Mister Rogers was helping parents talk to their kids about gun violence as far back as 1968
Gun violence might feel like a new epidemic, but it’s sobering consequences and fear-inducing tendencies are something parents have long had to cope with.
Fred Rogers, host of the iconic Mister Rogers’ Neighborhood, spearheaded conversations on talking to kids about gun violence after only a few months on the air, according to Smithsonian Magazine. Rogers’ show was only four months old when Robert Kennedy was assassinated in 1968, but he knew it was something children might have trouble processing.
Working through the night of June 6, Rogers prepared and taped a special episode for parents set to air the day before Kennedy’s funeral. The episode featured hand puppet Daniel the Tiger fretting over the meaning of the word assassination and Lady Aberlin inquiring, “Have you heard that word a lot today?” and then explaining, “Well,” she says, “it means somebody getting killed in a… a sort of surprise way.”
The segment ends by cutting back to Mister Rogers as he makes a plea to parents, saying, “I plead for your protection and support of your young children. There is just so much that a very young child can take.”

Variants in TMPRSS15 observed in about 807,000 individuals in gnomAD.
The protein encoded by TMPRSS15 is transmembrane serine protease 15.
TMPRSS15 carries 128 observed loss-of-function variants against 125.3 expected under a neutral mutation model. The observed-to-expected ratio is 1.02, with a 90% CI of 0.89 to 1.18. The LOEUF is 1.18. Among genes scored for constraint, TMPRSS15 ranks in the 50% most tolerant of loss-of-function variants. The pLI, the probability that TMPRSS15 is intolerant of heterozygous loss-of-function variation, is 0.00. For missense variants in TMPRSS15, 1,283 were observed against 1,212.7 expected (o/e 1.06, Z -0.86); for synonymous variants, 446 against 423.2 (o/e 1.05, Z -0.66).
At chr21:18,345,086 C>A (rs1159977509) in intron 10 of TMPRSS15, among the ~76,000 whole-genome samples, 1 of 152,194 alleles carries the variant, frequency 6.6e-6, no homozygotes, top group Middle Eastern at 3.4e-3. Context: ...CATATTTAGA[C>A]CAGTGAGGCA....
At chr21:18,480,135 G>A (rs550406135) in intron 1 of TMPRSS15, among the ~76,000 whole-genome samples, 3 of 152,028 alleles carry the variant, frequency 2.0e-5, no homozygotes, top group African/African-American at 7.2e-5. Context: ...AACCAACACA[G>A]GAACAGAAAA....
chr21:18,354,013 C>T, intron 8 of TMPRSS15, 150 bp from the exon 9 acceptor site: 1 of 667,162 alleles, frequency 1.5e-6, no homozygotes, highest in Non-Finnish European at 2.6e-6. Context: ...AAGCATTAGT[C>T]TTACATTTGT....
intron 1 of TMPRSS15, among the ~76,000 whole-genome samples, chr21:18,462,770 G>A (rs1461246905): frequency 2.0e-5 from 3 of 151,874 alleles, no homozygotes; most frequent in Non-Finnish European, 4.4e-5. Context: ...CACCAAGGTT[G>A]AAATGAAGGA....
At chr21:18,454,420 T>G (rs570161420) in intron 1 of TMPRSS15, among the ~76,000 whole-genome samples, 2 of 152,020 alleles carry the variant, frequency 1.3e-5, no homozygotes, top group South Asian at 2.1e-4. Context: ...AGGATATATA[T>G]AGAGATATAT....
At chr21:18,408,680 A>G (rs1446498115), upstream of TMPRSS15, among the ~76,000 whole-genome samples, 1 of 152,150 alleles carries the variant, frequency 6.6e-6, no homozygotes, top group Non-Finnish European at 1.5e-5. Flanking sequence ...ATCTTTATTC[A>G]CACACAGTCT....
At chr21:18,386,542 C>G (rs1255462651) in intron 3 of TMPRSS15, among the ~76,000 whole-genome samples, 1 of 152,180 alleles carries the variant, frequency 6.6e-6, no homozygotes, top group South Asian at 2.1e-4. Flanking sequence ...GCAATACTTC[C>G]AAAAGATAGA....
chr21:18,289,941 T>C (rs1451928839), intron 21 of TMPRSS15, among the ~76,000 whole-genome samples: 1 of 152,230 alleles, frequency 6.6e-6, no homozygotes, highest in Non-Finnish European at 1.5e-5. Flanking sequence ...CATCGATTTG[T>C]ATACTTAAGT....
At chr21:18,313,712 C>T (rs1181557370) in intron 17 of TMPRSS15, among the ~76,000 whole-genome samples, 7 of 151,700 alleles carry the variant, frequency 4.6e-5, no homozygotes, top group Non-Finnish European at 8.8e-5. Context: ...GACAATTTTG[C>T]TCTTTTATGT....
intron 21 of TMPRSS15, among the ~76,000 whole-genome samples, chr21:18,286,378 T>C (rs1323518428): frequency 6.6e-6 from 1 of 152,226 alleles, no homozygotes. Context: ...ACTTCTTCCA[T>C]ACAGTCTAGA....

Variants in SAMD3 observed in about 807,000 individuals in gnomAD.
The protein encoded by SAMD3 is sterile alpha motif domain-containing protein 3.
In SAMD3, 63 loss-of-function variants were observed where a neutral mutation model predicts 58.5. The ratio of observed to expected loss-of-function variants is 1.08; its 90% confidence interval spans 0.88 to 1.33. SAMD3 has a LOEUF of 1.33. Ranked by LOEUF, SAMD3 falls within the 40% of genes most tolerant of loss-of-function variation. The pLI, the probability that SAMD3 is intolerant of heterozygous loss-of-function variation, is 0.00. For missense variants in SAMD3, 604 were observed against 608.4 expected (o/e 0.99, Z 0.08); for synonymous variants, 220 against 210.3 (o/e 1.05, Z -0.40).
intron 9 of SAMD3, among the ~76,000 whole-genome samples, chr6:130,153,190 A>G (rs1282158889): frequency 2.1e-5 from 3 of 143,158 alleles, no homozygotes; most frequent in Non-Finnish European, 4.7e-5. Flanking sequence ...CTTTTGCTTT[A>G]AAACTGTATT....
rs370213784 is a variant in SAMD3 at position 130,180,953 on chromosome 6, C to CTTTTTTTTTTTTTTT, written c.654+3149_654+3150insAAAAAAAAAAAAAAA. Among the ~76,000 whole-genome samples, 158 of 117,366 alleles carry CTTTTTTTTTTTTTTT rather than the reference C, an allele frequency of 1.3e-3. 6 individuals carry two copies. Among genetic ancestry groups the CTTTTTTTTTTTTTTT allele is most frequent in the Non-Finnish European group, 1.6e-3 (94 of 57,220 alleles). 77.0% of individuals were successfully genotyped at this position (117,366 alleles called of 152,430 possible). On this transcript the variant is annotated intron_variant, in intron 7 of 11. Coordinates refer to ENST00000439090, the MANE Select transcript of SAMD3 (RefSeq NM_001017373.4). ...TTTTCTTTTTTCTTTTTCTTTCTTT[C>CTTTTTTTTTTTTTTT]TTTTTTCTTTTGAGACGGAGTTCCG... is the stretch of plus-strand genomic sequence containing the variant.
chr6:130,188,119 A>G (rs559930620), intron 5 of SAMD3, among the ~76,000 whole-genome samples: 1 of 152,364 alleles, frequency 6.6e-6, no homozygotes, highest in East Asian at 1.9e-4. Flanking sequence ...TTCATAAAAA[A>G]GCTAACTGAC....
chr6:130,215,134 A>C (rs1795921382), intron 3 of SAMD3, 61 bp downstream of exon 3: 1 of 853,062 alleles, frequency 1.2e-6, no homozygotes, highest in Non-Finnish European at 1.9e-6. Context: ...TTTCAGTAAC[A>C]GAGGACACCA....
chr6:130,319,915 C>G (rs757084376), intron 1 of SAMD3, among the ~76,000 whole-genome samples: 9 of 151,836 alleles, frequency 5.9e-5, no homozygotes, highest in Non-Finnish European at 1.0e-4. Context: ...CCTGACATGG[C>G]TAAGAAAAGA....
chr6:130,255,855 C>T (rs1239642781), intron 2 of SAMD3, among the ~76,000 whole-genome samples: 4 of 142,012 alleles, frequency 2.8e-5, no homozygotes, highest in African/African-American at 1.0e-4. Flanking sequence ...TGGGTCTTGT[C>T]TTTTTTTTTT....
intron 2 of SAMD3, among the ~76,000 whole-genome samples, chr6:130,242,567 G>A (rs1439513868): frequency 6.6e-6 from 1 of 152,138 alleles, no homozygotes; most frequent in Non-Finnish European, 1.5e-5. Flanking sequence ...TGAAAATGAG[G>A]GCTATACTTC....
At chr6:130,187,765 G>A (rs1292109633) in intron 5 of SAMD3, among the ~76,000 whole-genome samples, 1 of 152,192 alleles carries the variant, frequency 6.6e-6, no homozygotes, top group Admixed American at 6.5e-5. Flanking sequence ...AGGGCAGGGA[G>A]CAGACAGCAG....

In the Smithsonian interview, Maxwell King, author of the upcoming Rogers biography The Good Neighbor and former executive director of the Fred Rogers Center for Early Learning and Children’s Media noted, “Rogers wasn’t just a soft-spoken newbie giving puppet shows for kids. He was a very serious thinker about the impact of media on children.”
With gun violence increasingly affecting children and schools, parents may be looking for a helping hand in explaining this sensitive, potentially traumatic topic to their children. Rogers, who held graduate degrees in theology and child development, offered advice several decades earlier that could still be valuable to parents today.
Though he’s been gone since 2003, Rogers is still a common face in the wake of national tragedy, with memes and video clips circulating with his timeless message to “Look for the helpers.”
Read the full Mister Rogers story here.